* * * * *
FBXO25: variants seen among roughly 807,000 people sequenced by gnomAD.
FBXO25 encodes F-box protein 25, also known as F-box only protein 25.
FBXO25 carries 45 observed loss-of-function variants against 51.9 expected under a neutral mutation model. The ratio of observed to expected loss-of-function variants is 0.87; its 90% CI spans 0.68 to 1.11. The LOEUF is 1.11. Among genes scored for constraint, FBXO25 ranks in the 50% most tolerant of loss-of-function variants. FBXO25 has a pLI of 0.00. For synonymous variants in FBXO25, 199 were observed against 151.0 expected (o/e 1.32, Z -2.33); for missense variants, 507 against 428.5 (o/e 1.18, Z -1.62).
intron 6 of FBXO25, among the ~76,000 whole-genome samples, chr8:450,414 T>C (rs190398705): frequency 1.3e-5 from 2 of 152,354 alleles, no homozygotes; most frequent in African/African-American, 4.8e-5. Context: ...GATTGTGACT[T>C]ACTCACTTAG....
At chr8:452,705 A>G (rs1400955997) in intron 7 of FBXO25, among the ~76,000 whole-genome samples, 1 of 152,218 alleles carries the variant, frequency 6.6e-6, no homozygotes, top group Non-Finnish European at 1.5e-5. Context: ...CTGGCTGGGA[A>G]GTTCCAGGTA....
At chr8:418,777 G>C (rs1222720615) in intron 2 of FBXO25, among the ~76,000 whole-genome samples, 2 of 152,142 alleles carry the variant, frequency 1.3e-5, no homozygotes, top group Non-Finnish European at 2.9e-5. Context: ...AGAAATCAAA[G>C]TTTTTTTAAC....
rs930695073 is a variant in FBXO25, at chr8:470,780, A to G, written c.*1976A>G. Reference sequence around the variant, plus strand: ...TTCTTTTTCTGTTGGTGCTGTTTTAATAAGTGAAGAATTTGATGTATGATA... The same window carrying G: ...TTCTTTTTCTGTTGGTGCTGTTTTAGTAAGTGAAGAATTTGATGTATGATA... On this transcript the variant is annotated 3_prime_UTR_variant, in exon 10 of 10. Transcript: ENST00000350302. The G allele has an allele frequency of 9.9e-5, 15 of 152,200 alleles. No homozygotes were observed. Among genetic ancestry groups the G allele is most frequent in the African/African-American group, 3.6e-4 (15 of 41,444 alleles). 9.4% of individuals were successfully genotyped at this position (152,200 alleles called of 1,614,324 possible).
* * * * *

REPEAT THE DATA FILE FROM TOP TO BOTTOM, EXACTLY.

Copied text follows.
FBXO25: variants seen among roughly 807,000 people sequenced by gnomAD.
FBXO25 encodes F-box protein 25, also known as F-box only protein 25.
FBXO25 carries 45 observed loss-of-function variants against 51.9 expected under a neutral mutation model. The ratio of observed to expected loss-of-function variants is 0.87; its 90% CI spans 0.68 to 1.11. The LOEUF is 1.11. Among genes scored for constraint, FBXO25 ranks in the 50% most tolerant of loss-of-function variants. FBXO25 has a pLI of 0.00. For synonymous variants in FBXO25, 199 were observed against 151.0 expected (o/e 1.32, Z -2.33); for missense variants, 507 against 428.5 (o/e 1.18, Z -1.62).
intron 6 of FBXO25, among the ~76,000 whole-genome samples, chr8:450,414 T>C (rs190398705): frequency 1.3e-5 from 2 of 152,354 alleles, no homozygotes; most frequent in African/African-American, 4.8e-5. Context: ...GATTGTGACT[T>C]ACTCACTTAG....
At chr8:452,705 A>G (rs1400955997) in intron 7 of FBXO25, among the ~76,000 whole-genome samples, 1 of 152,218 alleles carries the variant, frequency 6.6e-6, no homozygotes, top group Non-Finnish European at 1.5e-5. Context: ...CTGGCTGGGA[A>G]GTTCCAGGTA....
At chr8:418,777 G>C (rs1222720615) in intron 2 of FBXO25, among the ~76,000 whole-genome samples, 2 of 152,142 alleles carry the variant, frequency 1.3e-5, no homozygotes, top group Non-Finnish European at 2.9e-5. Context: ...AGAAATCAAA[G>C]TTTTTTTAAC....
rs930695073 is a variant in FBXO25, at chr8:470,780, A to G, written c.*1976A>G. Reference sequence around the variant, plus strand: ...TTCTTTTTCTGTTGGTGCTGTTTTAATAAGTGAAGAATTTGATGTATGATA... The same window carrying G: ...TTCTTTTTCTGTTGGTGCTGTTTTAGTAAGTGAAGAATTTGATGTATGATA... On this transcript the variant is annotated 3_prime_UTR_variant, in exon 10 of 10. Transcript: ENST00000350302. The G allele has an allele frequency of 9.9e-5, 15 of 152,200 alleles. No homozygotes were observed. Among genetic ancestry groups the G allele is most frequent in the African/African-American group, 3.6e-4 (15 of 41,444 alleles). 9.4% of individuals were successfully genotyped at this position (152,200 alleles called of 1,614,324 possible).